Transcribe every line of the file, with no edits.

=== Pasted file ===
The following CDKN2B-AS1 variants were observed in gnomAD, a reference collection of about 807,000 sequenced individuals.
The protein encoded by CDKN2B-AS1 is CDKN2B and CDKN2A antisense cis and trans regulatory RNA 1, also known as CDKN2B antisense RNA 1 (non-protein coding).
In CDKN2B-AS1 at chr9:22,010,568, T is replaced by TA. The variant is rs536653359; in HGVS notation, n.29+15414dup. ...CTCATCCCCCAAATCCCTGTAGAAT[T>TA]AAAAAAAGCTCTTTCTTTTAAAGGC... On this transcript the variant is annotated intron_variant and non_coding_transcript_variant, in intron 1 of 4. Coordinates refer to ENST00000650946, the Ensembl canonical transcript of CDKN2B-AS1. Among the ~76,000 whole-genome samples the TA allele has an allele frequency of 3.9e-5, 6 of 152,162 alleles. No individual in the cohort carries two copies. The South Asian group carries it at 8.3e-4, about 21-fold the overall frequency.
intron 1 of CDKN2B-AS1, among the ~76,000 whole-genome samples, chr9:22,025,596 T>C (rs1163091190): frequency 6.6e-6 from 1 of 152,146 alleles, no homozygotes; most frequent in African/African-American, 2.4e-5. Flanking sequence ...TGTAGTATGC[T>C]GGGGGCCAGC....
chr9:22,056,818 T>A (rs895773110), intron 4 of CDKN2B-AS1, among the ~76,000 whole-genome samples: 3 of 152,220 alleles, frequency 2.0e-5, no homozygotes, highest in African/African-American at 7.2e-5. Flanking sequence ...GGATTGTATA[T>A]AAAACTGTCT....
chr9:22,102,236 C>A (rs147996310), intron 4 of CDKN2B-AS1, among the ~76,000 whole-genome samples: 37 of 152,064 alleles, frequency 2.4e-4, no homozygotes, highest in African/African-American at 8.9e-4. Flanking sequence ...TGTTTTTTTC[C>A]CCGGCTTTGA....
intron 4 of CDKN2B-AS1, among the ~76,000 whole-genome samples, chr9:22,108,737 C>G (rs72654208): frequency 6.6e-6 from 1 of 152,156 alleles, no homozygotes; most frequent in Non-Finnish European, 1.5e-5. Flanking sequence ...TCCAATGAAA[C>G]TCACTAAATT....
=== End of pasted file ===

The following CDKN2B-AS1 variants were observed in gnomAD, a reference collection of about 807,000 sequenced individuals.
The protein encoded by CDKN2B-AS1 is CDKN2B and CDKN2A antisense cis and trans regulatory RNA 1, also known as CDKN2B antisense RNA 1 (non-protein coding).
In CDKN2B-AS1 at chr9:22,010,568, T is replaced by TA. The variant is rs536653359; in HGVS notation, n.29+15414dup. ...CTCATCCCCCAAATCCCTGTAGAAT[T>TA]AAAAAAAGCTCTTTCTTTTAAAGGC... On this transcript the variant is annotated intron_variant and non_coding_transcript_variant, in intron 1 of 4. Coordinates refer to ENST00000650946, the Ensembl canonical transcript of CDKN2B-AS1. Among the ~76,000 whole-genome samples the TA allele has an allele frequency of 3.9e-5, 6 of 152,162 alleles. No individual in the cohort carries two copies. The South Asian group carries it at 8.3e-4, about 21-fold the overall frequency.
intron 1 of CDKN2B-AS1, among the ~76,000 whole-genome samples, chr9:22,025,596 T>C (rs1163091190): frequency 6.6e-6 from 1 of 152,146 alleles, no homozygotes; most frequent in African/African-American, 2.4e-5. Flanking sequence ...TGTAGTATGC[T>C]GGGGGCCAGC....
chr9:22,056,818 T>A (rs895773110), intron 4 of CDKN2B-AS1, among the ~76,000 whole-genome samples: 3 of 152,220 alleles, frequency 2.0e-5, no homozygotes, highest in African/African-American at 7.2e-5. Flanking sequence ...GGATTGTATA[T>A]AAAACTGTCT....
chr9:22,102,236 C>A (rs147996310), intron 4 of CDKN2B-AS1, among the ~76,000 whole-genome samples: 37 of 152,064 alleles, frequency 2.4e-4, no homozygotes, highest in African/African-American at 8.9e-4. Flanking sequence ...TGTTTTTTTC[C>A]CCGGCTTTGA....
intron 4 of CDKN2B-AS1, among the ~76,000 whole-genome samples, chr9:22,108,737 C>G (rs72654208): frequency 6.6e-6 from 1 of 152,156 alleles, no homozygotes; most frequent in Non-Finnish European, 1.5e-5. Flanking sequence ...TCCAATGAAA[C>G]TCACTAAATT....